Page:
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The Science of Good Food: The Ultimate Reference on How Cooking Works Paperback – October 10, 2008

4.1 out of 5 stars 14 customer reviews

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Frequently Bought Together

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  • The Science of Good Cooking (Cook's Illustrated Cookbooks)
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  • On Food and Cooking: The Science and Lore of the Kitchen
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Editorial Reviews

From Publishers Weekly

Though it doesn't quite live up to the "ultimate reference on how cooking works" claim, Joachim and Schloss' encyclopedic guide to all things food is a welcome culinary reference. Alphabetically arranged, cross-referenced entries like "citrus," "game," "juice," "roasting" and "sweeteners," allow readers to navigate deftly the book's trove of information. The authors explain not only how techniques like frying work, they also give readers the chance to make Perfect French Fries with their newfound knowledge. Over 100 recipes bring scientific data to life, most dramatically in examples like Liquid Nitrogen Ice Cream and Coconut Sweet Potato Foam, more practically in gluten-free flour and low-fat brownies (substituting dried plums for butter). Armchair chefs will enjoy learning why a whole potato cooks more quickly in boiling water than in a 500 degree oven, the difference between wet and dry-cured hams, and the secrets to making a smooth, creamy custard. The book's range is admirable, but its depth erratic; the entry on bacteria and food contamination is much too brief, and readers are sure to find that their favorite fruit/ingredient/technique doesn't get the attention they feel it deserves (hoisin, for example, merits an entry, but soy sauce is an afterthought; teriyaki and ponzu are absent). Still, this admirable endeavor deserves a spot next to Alton Brown's Good Eats and Harold McGee's classic On Food and Cooking.
Copyright © Reed Business Information, a division of Reed Elsevier Inc. All rights reserved.

From Booklist

Joachim and Schloss use a dictionary approach for their comprehensive guide to the whys and wherefores of cooking and eating. In succinct articles, they address such cooking processes as roasting. In simple prose, they explain the term, outline what the process does to food, and then delve into how the process actually accomplishes its purposes. Similarly, the authors define a wide range of ingredients, giving brief histories and explaining how each ingredient is used to advantage. Well-organized tables of data help sort out detailed information. Recipes scattered throughout offer ways of actually putting information into practice. Expositions of fundamental chemistry avoid detail and will appeal to those with only rudimentary scientific literacy. Full-color illustrations of such basic topics as knife anatomy contribute to understanding. Sidebars cover minor, yet useful, topics, including cooking potatoes and preventing soggy pastry crusts. Good for basic cookery reference collections. --Mark Knoblauch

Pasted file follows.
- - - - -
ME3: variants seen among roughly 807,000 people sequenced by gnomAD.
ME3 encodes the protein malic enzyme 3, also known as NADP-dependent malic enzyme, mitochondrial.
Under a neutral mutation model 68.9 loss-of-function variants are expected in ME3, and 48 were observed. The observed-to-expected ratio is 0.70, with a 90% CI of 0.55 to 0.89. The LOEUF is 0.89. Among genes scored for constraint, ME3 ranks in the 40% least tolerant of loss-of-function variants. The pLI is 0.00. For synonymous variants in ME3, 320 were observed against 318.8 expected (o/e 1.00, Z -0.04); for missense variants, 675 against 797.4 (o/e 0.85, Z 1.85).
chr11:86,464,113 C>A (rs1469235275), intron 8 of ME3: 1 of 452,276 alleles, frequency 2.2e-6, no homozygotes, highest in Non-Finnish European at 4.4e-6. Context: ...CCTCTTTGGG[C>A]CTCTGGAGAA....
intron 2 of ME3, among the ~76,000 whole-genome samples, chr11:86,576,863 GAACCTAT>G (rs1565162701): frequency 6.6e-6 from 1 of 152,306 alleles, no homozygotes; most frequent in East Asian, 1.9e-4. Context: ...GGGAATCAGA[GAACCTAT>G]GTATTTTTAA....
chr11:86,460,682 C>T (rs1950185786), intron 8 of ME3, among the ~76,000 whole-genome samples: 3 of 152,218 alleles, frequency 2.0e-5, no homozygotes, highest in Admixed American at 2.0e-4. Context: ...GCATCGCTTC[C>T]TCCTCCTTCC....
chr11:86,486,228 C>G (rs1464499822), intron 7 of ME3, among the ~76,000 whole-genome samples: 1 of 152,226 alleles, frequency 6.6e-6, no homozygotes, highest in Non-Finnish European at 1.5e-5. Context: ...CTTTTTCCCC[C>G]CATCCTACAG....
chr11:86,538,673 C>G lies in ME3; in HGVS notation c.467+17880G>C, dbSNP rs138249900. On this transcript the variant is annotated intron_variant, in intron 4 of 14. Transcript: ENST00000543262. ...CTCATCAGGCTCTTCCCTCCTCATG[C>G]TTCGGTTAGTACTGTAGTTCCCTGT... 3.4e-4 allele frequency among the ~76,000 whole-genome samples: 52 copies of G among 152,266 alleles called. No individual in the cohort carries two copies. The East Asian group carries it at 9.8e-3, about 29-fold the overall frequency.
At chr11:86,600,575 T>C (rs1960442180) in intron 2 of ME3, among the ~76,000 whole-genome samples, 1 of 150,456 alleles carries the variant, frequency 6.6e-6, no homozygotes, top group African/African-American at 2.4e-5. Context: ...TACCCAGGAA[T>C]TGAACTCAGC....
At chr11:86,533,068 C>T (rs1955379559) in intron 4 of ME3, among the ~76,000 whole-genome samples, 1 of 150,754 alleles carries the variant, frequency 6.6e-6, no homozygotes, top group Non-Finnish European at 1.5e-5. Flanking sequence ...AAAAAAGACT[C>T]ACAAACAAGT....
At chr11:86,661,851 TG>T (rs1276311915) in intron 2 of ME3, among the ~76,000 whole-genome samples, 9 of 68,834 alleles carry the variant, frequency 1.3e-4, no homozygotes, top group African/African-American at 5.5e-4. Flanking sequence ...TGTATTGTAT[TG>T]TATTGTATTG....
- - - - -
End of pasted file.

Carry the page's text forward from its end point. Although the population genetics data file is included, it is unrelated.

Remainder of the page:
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Product Details

  • Paperback: 576 pages
  • Publisher: Robert Rose (October 10, 2008)
  • Language: English
  • ISBN-10: 0778801896
  • ISBN-13: 978-0778801894
  • Product Dimensions: 7.8 x 1.3 x 10.5 inches
  • Shipping Weight: 3.8 pounds (View shipping rates and policies)
  • Average Customer Review: 4.1 out of 5 stars  See all reviews (14 customer reviews)
  • Amazon Best Sellers Rank: #897,399 in Books (See Top 100 in Books)

Customer Reviews

Top Customer Reviews

Format: Paperback Verified Purchase
I just got a copy of this big glossy Canadian published paperback and I am having a lot of fun paging through it. So, first off: it's an attractive book with lots of color photos, tables and reader-friendly formatting. At issue, however, is the publisher's claim that this book is the "ultimate reference of how cooking works." That's a bit much since the bibliography cites McGee, Corriher, Wolke and others who, up to now, own the subject. So, is it a contribution to the literature?